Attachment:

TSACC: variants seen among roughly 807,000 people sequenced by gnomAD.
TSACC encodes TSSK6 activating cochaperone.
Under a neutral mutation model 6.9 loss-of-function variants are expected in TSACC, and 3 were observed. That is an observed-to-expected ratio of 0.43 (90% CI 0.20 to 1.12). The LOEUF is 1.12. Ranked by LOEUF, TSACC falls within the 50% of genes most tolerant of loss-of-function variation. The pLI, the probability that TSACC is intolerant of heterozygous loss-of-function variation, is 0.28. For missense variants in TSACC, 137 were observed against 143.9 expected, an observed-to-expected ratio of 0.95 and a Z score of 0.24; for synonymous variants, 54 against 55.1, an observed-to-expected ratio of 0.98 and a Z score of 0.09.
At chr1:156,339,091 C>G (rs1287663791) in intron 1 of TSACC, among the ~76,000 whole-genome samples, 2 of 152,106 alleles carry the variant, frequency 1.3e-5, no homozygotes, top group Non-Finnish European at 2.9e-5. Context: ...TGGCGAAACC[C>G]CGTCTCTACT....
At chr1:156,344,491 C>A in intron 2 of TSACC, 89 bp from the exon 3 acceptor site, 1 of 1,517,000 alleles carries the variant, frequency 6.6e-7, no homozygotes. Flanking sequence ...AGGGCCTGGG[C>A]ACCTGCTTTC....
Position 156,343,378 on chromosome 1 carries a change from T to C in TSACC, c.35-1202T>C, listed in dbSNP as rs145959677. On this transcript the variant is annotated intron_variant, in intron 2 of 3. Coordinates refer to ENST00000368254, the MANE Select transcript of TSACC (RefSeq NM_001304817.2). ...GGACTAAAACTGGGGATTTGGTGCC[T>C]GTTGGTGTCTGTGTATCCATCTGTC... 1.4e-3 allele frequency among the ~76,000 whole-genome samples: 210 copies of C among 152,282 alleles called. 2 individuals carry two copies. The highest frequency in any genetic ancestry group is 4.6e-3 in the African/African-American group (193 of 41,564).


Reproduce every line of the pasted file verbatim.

TSACC: variants seen among roughly 807,000 people sequenced by gnomAD.
TSACC encodes TSSK6 activating cochaperone.
Under a neutral mutation model 6.9 loss-of-function variants are expected in TSACC, and 3 were observed. That is an observed-to-expected ratio of 0.43 (90% CI 0.20 to 1.12). The LOEUF is 1.12. Ranked by LOEUF, TSACC falls within the 50% of genes most tolerant of loss-of-function variation. The pLI, the probability that TSACC is intolerant of heterozygous loss-of-function variation, is 0.28. For missense variants in TSACC, 137 were observed against 143.9 expected, an observed-to-expected ratio of 0.95 and a Z score of 0.24; for synonymous variants, 54 against 55.1, an observed-to-expected ratio of 0.98 and a Z score of 0.09.
At chr1:156,339,091 C>G (rs1287663791) in intron 1 of TSACC, among the ~76,000 whole-genome samples, 2 of 152,106 alleles carry the variant, frequency 1.3e-5, no homozygotes, top group Non-Finnish European at 2.9e-5. Context: ...TGGCGAAACC[C>G]CGTCTCTACT....
At chr1:156,344,491 C>A in intron 2 of TSACC, 89 bp from the exon 3 acceptor site, 1 of 1,517,000 alleles carries the variant, frequency 6.6e-7, no homozygotes. Flanking sequence ...AGGGCCTGGG[C>A]ACCTGCTTTC....
Position 156,343,378 on chromosome 1 carries a change from T to C in TSACC, c.35-1202T>C, listed in dbSNP as rs145959677. On this transcript the variant is annotated intron_variant, in intron 2 of 3. Coordinates refer to ENST00000368254, the MANE Select transcript of TSACC (RefSeq NM_001304817.2). ...GGACTAAAACTGGGGATTTGGTGCC[T>C]GTTGGTGTCTGTGTATCCATCTGTC... 1.4e-3 allele frequency among the ~76,000 whole-genome samples: 210 copies of C among 152,282 alleles called. 2 individuals carry two copies. The highest frequency in any genetic ancestry group is 4.6e-3 in the African/African-American group (193 of 41,564).